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Wednesday, August 31, 2016

Why is Martin Luther Everywhere?

Me and Michael like Kate and Martin painted by Cranach
It seems everyday I open a magazine and see a reference to him, or in crowds and on the radio I hear someone speaking who refers to the brave outspoken instigator of the fifteenth century Reformation period. Politicians are mockingly illustrated in his monk robes, statues are built of his wife (a runaway nun), and all around I hear the hammering of nails to the establishment's doors. There could be comparisons of our own election-year cultural minefield of insiders and outsiders, politicians, the 1%, and talk show hosts to the medieval German theologian's times, of the serfs, the splitting papal powers, "table talks" and the rising land-grabbing nobility.

Luther studied to be a lawyer but had a sudden transformational calling to become an Augustinian monk. This did not please his parents, and soon became a problem for the church. He protested the "money changers in the temple", the selling of indulgences, as a misplaced moral commerce. As he called for a reformation of the Catholic church he also published at least 100 different pamphlets calling for political and social changes. He was very influential in unifying the German language with his translation of the New Testament into the common language of the people, (which he did, in 1521, in defiance while excommunicated from Rome!)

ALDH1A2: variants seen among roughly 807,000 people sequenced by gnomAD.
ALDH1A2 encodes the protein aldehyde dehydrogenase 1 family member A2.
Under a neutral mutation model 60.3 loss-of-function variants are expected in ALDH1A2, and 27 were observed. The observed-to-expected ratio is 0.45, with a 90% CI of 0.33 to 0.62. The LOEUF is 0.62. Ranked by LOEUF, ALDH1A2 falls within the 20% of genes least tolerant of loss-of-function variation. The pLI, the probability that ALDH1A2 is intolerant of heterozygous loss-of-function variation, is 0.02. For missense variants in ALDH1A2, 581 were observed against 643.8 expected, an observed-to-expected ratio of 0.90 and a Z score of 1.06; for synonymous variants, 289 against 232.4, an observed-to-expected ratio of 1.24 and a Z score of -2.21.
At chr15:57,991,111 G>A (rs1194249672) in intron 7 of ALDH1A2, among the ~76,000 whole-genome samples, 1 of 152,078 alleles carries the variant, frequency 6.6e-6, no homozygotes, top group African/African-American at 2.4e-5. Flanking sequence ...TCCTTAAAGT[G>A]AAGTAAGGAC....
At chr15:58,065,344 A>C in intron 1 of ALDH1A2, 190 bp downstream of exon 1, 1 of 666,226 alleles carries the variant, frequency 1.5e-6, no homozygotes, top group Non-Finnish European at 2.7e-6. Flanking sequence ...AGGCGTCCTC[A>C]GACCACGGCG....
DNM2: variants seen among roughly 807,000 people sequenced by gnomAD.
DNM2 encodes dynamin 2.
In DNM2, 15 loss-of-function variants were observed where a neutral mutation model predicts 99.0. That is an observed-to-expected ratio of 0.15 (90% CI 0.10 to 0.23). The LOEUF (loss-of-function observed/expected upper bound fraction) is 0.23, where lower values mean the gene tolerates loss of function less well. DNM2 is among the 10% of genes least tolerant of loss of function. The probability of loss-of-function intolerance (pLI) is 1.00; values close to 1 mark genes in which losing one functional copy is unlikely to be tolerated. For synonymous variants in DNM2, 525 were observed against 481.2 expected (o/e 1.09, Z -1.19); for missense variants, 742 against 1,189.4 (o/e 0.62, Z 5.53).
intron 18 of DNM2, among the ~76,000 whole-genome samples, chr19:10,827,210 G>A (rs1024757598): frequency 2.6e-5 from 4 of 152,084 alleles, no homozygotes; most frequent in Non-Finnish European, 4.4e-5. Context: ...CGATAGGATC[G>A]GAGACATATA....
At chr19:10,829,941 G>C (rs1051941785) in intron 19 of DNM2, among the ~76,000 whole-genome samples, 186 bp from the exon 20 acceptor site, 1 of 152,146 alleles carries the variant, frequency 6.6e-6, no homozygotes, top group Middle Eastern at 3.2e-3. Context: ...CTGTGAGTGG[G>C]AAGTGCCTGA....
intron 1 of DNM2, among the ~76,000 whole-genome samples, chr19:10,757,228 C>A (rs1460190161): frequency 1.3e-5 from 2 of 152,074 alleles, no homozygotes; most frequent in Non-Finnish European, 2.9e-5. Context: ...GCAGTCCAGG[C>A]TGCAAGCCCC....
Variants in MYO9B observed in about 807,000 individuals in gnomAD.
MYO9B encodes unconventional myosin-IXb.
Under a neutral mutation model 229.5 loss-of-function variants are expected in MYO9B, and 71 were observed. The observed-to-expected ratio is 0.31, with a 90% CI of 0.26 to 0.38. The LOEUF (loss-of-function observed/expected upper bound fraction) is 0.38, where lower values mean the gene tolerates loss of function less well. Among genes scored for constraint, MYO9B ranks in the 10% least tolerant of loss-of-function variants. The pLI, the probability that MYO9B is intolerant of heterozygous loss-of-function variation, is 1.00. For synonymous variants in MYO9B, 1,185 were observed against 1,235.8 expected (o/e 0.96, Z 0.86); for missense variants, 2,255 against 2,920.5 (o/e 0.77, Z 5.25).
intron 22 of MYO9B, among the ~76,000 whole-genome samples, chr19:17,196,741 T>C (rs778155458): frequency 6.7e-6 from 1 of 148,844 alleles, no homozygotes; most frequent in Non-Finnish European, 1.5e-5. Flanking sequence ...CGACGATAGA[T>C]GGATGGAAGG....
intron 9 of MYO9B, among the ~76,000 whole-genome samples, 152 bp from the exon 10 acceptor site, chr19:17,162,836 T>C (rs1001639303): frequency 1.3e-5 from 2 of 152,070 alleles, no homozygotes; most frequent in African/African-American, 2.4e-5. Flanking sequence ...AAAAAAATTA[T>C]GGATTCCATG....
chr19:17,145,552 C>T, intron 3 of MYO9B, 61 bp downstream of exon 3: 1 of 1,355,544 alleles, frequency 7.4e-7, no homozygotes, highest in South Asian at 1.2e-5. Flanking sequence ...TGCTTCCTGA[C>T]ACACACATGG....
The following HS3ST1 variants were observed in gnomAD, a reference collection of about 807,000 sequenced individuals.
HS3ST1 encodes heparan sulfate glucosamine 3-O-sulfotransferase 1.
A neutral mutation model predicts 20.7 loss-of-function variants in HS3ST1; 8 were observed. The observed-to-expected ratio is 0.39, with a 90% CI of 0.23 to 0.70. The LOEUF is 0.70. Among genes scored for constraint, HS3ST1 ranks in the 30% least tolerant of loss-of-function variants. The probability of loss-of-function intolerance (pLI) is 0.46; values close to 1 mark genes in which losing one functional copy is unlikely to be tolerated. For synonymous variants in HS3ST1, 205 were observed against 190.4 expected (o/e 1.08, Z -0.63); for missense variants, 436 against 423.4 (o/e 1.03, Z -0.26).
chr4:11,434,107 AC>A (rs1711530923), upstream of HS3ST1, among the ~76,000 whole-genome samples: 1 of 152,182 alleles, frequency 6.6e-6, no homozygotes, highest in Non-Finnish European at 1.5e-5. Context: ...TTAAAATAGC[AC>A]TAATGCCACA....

Luther broke down walls. He called for a more personal relationship with God and a humanist approach to life that encouraged women in convents to re-enter life in the communities. His own wife, Kate, snuck out of her convent with 6 other nuns, in the empty herring barrels delivered by a disguised priest named James Strauss. Twenty years younger than Martin Luther, Kate birthed 6 children and raised many more in their busy house. Luther's famous "table talks" supported social change that touched on sexual pleasure in the marriage bed and on financing local government through interest bearing loans. He supported usury, (charging interest), claiming that while no one could assume the faith of another, the risk of lending money could be real, and therefor the biblical injunction against it could be ignored. Gods law and the peoples law could be different.
Luther initially encouraged the Peasants War (1524-26) which he later had to condemn. The violence killed over 100,000 people and losses to libraries and architectural treasures was astounding. As the violence was quelled, The Reformation became less of a people's movement and more of a power surge for the nobility and local governments.

Are we in a similar time of change? People are yelling. Religious freedom feels shaky. The separation of the spiritual domain from our nationalist/capitalist ideology is murky. Corporations gain "person hood" with moral rights, and yet bear none of the blame for a shrinking integrity in the public sphere. Women lose rights of their womb to judicial gerrymandering. Wall street forecloses on the peasant and declares profits for the stakeholders.

The above painting is of myself and Michael as a twin to the painting of Kate and Martin, painted by a distant great (x15) grandfather, the amazing artist Lucas Cranach.

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